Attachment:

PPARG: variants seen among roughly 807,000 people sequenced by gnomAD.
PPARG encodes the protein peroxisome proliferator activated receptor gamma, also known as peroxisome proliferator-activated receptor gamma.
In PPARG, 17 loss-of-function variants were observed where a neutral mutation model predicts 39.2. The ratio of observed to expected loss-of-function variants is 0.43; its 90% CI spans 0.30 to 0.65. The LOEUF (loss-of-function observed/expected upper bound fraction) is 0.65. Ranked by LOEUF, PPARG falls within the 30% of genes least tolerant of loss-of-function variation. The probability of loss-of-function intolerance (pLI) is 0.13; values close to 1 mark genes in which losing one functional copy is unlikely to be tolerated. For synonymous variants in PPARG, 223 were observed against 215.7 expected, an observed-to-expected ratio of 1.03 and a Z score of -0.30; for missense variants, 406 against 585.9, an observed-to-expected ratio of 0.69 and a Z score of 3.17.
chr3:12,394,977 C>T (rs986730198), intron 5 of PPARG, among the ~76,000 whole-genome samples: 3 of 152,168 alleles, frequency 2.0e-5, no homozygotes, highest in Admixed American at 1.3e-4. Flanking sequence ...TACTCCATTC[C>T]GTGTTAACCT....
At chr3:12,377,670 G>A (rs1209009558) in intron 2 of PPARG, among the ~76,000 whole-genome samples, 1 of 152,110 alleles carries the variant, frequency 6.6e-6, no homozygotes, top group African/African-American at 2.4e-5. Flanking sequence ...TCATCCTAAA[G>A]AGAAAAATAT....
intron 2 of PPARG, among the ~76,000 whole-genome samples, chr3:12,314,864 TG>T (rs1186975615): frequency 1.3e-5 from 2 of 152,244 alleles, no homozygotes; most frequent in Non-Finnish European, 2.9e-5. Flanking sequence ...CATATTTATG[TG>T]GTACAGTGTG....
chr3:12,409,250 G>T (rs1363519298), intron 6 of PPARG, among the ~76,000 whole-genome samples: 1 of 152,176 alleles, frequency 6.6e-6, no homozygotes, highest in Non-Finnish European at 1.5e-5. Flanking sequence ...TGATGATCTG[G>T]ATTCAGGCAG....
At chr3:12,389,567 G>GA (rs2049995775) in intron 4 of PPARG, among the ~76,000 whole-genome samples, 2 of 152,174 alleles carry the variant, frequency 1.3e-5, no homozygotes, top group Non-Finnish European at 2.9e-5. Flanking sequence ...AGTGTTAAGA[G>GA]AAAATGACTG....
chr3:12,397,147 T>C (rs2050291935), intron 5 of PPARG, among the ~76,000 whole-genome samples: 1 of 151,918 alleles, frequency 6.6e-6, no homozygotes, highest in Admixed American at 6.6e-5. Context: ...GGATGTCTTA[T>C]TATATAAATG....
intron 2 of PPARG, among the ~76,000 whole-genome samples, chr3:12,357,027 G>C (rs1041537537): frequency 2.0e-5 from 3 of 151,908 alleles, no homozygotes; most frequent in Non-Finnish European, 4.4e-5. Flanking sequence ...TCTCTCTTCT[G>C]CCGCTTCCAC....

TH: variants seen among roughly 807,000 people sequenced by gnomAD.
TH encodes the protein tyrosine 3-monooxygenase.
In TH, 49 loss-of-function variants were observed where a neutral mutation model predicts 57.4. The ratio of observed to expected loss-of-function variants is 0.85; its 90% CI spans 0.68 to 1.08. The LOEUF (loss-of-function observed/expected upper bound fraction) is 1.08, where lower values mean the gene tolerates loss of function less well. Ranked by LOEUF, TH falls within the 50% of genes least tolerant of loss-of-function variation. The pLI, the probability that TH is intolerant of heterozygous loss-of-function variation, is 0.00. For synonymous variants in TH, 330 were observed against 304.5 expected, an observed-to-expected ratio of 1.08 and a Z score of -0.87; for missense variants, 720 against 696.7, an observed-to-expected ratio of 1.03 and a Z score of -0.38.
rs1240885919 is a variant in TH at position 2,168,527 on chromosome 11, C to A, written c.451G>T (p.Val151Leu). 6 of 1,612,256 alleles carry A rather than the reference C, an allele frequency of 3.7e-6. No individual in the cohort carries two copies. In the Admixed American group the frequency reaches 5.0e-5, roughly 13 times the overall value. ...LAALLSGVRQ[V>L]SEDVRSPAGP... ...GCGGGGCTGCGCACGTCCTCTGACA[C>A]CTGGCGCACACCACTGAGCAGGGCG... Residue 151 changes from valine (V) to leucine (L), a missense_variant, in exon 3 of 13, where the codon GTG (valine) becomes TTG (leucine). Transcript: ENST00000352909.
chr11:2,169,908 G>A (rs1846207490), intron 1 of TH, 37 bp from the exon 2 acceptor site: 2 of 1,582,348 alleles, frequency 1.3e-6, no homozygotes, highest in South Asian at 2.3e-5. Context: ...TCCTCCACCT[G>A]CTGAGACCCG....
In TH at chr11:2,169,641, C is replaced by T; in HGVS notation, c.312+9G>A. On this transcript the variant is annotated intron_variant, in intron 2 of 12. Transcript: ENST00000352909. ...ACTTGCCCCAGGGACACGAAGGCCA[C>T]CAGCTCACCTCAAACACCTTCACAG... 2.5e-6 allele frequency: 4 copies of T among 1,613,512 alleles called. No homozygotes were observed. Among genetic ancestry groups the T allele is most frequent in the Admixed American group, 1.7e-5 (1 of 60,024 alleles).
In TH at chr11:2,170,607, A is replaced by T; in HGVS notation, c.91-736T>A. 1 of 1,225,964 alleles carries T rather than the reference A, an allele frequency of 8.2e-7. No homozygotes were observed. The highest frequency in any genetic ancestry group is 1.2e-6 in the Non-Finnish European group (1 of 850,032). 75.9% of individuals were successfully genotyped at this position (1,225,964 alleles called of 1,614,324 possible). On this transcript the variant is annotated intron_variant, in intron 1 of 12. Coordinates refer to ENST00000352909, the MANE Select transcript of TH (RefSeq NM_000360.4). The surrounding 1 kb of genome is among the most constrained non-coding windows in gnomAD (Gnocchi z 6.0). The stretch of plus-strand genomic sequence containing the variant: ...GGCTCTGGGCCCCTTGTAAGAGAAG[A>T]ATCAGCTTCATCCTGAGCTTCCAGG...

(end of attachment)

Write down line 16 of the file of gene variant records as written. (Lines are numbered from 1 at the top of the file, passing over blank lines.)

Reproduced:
In TH at chr11:2,169,641, C is replaced by T; in HGVS notation, c.312+9G>A. On this transcript the variant is annotated intron_variant, in intron 2 of 12. Transcript: ENST00000352909. ...ACTTGCCCCAGGGACACGAAGGCCA[C>T]CAGCTCACCTCAAACACCTTCACAG... 2.5e-6 allele frequency: 4 copies of T among 1,613,512 alleles called. No homozygotes were observed. Among genetic ancestry groups the T allele is most frequent in the Admixed American group, 1.7e-5 (1 of 60,024 alleles).